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FILE PHOTO: Former associate deputy U.S. attorney general Bruce Ohr enters an elevator after testifying behind closed doors before the House Judiciary and House Oversight and Government Reform Committees on his alleged contacts with Fusion GPS founder Glenn Simpson and former British spy Christopher Steele, who compiled a 'dossier' of allegations linking Donald Trump to Russia, on Capitol Hill in Washington, U.S., August 28, 2018. REUTERS/Chris Wattie(reuters_tickers)
By Jonathan Landay
WASHINGTON (Reuters) - Democrats on Friday accused Republicans of "cherry-picking" and leaking portions of text messages and emails between a U.S. law enforcement official and a former British spy who investigated then-businessman Donald Trump's ties to the Russian government.
Two lawmakers made the charge in a letter to the Republican chairmen of the U.S. House of Representatives judiciary and government oversight panels, which on Tuesday questioned Associate Deputy Attorney General Bruce Ohr about his ties with former MI6 officer Christopher Steele.
The letter was the latest salvo in a fight between the political parties as Republicans have criticised the propriety of the FBI's probe of ties between Moscow and Trump aides and whether they coordinated during the 2016 U.S. election campaign.
The Democratic lawmakers said Republicans appeared to have violated House rules because they failed to share the communications between Ohr and Steele in 2016 and 2017 with the minority party. The materials were not among 800,000 pages of documents provided by the Justice Department to their panels, they said.
Steele assembled a dossier on Trump for research firm Fusion GPS, which was hired by Democratic Party lawyers and presidential candidate Hillary Clinton's campaign. Trump supporters accuse Ohr of cooperating with Steele on the dossier that outlined Russian financial ties and salacious personal details.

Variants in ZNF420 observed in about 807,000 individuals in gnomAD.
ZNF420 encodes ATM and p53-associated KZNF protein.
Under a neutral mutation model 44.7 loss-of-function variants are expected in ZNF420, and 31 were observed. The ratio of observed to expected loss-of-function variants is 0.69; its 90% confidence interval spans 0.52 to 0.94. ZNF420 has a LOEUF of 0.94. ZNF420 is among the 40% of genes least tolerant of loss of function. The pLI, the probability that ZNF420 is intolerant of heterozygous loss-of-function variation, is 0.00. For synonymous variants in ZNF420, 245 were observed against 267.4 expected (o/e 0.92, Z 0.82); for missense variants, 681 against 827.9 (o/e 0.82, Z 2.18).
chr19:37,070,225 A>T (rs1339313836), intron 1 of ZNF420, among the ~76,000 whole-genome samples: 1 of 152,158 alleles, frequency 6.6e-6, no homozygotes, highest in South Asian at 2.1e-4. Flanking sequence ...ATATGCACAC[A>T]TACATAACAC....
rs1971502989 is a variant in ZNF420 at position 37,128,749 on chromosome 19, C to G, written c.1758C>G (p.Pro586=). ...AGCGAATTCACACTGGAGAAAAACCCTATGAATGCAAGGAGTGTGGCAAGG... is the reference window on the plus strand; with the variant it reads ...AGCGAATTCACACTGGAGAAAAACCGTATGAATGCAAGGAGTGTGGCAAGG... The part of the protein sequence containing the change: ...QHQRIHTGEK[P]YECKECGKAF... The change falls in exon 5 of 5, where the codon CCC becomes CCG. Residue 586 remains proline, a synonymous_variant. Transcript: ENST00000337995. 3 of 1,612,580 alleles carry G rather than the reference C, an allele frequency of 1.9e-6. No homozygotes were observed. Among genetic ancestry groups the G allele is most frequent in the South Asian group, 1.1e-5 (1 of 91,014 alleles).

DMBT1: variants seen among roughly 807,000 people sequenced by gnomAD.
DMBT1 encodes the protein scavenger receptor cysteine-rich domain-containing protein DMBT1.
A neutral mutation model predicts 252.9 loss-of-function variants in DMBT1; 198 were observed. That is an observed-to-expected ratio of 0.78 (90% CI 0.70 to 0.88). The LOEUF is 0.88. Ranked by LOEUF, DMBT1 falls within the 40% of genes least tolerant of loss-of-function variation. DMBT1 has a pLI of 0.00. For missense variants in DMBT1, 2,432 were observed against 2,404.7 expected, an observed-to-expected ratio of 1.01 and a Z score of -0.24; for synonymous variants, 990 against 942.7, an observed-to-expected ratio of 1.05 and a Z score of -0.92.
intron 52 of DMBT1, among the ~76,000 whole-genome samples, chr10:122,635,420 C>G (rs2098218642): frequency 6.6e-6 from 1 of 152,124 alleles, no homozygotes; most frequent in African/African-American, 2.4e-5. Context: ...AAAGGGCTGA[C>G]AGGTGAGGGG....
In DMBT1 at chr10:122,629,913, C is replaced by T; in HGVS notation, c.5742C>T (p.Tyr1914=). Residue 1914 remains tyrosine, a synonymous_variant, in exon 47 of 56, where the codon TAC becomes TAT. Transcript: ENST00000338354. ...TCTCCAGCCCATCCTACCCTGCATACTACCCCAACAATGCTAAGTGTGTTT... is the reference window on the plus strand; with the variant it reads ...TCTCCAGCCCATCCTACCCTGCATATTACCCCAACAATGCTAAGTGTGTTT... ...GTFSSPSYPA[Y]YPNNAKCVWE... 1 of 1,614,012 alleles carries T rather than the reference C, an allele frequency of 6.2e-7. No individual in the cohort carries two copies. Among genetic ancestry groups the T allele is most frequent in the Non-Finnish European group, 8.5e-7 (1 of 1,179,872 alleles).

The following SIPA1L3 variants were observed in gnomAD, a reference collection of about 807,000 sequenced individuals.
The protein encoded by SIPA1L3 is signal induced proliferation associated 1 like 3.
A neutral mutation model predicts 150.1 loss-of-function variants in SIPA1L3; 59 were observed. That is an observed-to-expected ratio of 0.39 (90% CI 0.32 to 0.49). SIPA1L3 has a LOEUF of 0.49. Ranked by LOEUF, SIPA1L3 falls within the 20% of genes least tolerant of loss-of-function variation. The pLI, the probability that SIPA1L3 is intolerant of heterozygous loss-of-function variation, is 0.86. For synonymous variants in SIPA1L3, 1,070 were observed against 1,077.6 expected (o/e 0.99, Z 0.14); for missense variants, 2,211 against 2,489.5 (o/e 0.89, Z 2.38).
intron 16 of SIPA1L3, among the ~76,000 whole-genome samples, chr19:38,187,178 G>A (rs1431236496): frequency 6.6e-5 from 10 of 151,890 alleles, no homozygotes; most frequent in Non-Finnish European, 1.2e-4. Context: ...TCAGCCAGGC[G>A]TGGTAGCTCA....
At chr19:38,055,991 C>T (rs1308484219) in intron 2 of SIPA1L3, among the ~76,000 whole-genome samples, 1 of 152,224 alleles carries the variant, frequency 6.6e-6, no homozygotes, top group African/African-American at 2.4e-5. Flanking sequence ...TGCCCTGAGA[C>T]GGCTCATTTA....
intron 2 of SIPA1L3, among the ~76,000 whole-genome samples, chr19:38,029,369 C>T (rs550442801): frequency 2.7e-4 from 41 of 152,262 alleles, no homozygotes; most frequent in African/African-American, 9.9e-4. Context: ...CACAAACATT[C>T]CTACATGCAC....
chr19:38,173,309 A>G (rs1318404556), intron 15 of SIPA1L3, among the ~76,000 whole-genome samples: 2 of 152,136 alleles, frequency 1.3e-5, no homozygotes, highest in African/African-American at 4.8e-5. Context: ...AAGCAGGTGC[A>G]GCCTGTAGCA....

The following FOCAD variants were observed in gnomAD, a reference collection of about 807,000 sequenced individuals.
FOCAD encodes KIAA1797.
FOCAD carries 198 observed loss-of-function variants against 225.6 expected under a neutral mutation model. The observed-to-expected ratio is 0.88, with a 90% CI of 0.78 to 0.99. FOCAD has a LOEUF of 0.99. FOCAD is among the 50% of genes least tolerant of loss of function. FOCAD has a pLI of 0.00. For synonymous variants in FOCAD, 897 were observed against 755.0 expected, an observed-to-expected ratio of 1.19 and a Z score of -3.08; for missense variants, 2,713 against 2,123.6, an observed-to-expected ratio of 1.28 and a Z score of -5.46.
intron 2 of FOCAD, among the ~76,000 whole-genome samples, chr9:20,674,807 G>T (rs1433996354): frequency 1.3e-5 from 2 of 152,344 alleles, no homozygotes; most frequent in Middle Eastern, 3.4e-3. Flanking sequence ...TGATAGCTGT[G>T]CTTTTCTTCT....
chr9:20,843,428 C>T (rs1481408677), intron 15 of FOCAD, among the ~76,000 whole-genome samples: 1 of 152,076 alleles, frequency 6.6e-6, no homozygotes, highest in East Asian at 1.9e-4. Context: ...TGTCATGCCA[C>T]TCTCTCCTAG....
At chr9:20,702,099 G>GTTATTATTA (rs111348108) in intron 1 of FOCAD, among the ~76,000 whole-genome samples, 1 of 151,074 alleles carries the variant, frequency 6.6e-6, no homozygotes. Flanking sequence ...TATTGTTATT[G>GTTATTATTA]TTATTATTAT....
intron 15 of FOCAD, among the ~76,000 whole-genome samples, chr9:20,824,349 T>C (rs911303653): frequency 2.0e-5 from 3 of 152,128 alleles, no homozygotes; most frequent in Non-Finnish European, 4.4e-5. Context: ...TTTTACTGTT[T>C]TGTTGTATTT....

By the time the FBI received the dossier the agency had already started its probe of Russian interference in the campaign, which the Kremlin denies.
Two sources familiar with the dossier told Reuters on condition of anonymity that Ohr had no role in its compilation. Ohr's lawyer did not immediately return a request for comment on Friday.
The communications between Ohr and Steele were marked "law enforcement sensitive" because they related "to a confidential human source," the Democratic lawmakers said.
In questioning Ohr, lawmakers Elijah Cummings and Jerrold Nadler said, Republicans were selective about his communications with Steele to create "a highly misleading narrative with factually inaccurate interpretations and conjecture" that they were discussing Trump.
As an example, they said, Republicans read a portion of an email in which Steele wrote that he wanted to speak with Ohr about "our favourite business tycoon."
Republicans assumed they were discussing Trump, but Ohr answered that the "business tycoon" was Russian oligarch Oleg Deripaska, the two Democrats said.
Deripaska is a former business associate of Paul Manafort, who was convicted this month of financial wrongdoing charges related to his work for pro-Russian politicians in Ukraine that predated a stint as Trump's campaign manager.
A spokesman for Judiciary Committee Chairman Bob Goodlatte did not respond to requests for comment.
Trump calls investigations of Russia ties "a rigged witch hunt." He has also singled out Bruce Ohr, saying he was a "disgrace" and that he would revoke his security clearance.
Another Republican point of protest is that Ohr's wife, Nellie Ohr, had worked as a subcontractor for Fusion. The Ohrs are experts on Russian organised crime, which is how they came in contact with Fusion and Steele.
Cummings and Nadler said it appeared the texts and emails were given to the House Permanent Select Committee on Intelligence (HPSCI).
Amanda Gonzalez, spokeswoman for Oversight Committee Chairman Trey Gowdy, responded in an email that as a member of the HPSCI, Gowdy "has never once shared these documents with a single individual outside of HPSCI."
(Reporting by Jonathan Landay, additional reporting by Mark Hosenball; editing by John Walcott and Grant McCool)